Eight years ago I consulted with a company. In addition to paying my invoice, the president of the company gave me season football tickets. When I received my 1099, the value of the tickets were not included and I assumed it was a personal gift from the pres. Now, eight years later, he is threatening to issue a corrected 1099 including the value of the tickets.
Can he do that?
If so, how can I go back that far and file an amended return?
Hasn't the statute of limitations run on this transaction?
The first question I have is WHY is he threatening this now? Something has happened and what that was matters. If he's threatening you with something it could be considered criminal extortion and you may want to talk to an attorney. If he follows through you may want to talk to the district (or State) attorney about prosecution.
If he issues a 1099 NOW for something that happened 8 years ago he faces penalties for late filing and willful disregard of the reporting rules. So it is highly unlikely that he will actually do this. On the other hand, the penalty for late filing of a 1099 is only $50.
Should he issue you a 1099 NOW for something that happened 8 years ago AND include it on a CURRENT 1099 he could get into a lot more trouble for false reporting and intentionally misrepresenting information to the IRS.
So, I'll ask - what is really going on? What's the back story here?
answered 01 Feb '11, 21:11
I agree with the other responses. The statute of limitations on your tax return would seem to be long over, so the issue is moot. The IRS cannot assert an any additional tax.
answered 02 Feb '11, 01:37
To expound on what cpaboise stated:
The statute of limitations is only 3 years for tax returns. The IRS cannot seek information older than that unless there is evidence of negligence (gross understatement of income, etc = extends statute to 6 years) or fraud (willful disregard of law - no limit on the statute).
And the negligence and fraud have to be the fault of the taxpayer, not an outside party.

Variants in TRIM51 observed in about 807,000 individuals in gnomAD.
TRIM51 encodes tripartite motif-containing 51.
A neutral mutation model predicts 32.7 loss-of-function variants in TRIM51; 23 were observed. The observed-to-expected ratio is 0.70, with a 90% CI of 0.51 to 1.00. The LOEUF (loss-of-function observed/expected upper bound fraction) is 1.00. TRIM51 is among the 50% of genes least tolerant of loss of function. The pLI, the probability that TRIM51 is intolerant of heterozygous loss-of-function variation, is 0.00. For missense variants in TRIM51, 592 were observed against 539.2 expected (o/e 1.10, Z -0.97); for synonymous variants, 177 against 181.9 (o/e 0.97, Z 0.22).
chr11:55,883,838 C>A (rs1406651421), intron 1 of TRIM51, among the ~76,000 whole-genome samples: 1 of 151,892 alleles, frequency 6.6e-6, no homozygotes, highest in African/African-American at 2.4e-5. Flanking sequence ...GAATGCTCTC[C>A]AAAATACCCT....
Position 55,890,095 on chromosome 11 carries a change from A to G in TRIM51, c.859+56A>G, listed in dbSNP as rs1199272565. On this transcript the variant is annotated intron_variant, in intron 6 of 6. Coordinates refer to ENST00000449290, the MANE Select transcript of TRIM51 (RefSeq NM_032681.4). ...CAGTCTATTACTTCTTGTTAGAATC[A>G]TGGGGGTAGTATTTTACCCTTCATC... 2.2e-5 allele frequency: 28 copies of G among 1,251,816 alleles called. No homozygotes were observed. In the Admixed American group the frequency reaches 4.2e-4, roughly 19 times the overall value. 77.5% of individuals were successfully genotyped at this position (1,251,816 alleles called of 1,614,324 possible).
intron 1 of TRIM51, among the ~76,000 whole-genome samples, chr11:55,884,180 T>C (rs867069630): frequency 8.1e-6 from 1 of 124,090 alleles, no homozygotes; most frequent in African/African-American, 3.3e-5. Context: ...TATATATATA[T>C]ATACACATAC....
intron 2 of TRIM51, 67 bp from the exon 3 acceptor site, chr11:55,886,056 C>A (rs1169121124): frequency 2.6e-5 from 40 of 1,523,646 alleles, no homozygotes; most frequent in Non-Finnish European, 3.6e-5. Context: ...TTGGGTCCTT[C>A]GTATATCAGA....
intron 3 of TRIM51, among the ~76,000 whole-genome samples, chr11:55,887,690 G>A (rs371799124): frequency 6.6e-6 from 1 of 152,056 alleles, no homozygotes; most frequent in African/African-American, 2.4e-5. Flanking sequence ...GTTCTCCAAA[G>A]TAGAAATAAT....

It's an empty threat, and it's been said by others that it would do more harm than good for him to change the 1099.
answered 03 Feb '11, 04:47
The IRS can't raise issues after three years and the taxpayer cannot get a refund after three years (in most cases) but you certainly can file an amended return and pay additional tax (grin) - the penalty on late filed info returns is now $100 per form (not $50) (Jobs Creation Act of 2010) for returns required to be filed after December 31, 2010. But I agree that this is a non-starter - you billed, the company sent an info return, the IRS has been long since satisfied that your return was accurate - and I also don't get the threatening part - threatening suggests that there is something he wants you to do so that he won't issue the 1099 - If he HAS to issue the 1099 - why is he threatening? Why not just do it? There is something much deeper going on here.
answered 04 Feb '11, 06:20
I'd be more concerned about the "threatening" part-why, all of a sudden and after so many years, is the president wanting to reissue a 1099?
Can he do that? Of course, but chances are it will not make a huge difference in the grand scheme of things to reissue your 1099. Is he having to do this for many other 1099 recipients because of an audit or other inquiry? This could be the reason behind it.
You can't, however, amend a return more than 3 years in the past. You can only respond to an inquiry by the IRS or other taxing authority, and even if the IRS receives one corrected 1099 (yours), it is unlikely they would pursue it unless the amount of tax they expect to collect is substantial-more than what it would cost to correspond with you.
If you billed the company and they paid your total invoice, and you reported that as income on that year's tax return, you reported in good faith. Your interpretation of the gift, as long as it was not given as a part of the agreement to complete your contracted work or discussed as a condition or bonus for completion, can be correct. That is not to say you won't be taxed-the IRS and other taxing authorities may see it otherwise.
Don't worry too much about it unless you actually receive a corrected form 1099. Then consult with a professional-a CPA or tax attorney-to determine your response or action.
answered 01 Feb '11, 21:12
Let him file it. Although he technically could file it now, doing so would have no effect on you. It is too late for the IRS to go after you for the taxes that would have been due if he had filed it promptly.
On the other hand, you should have included the tickets in your income, even if they were not on the 1099. Gifts from clients are taxable, unlike gifts from family or personal friends. However, it is too late for the IRS to go after you for the taxes on it now.
answered 13 Feb '11, 15:29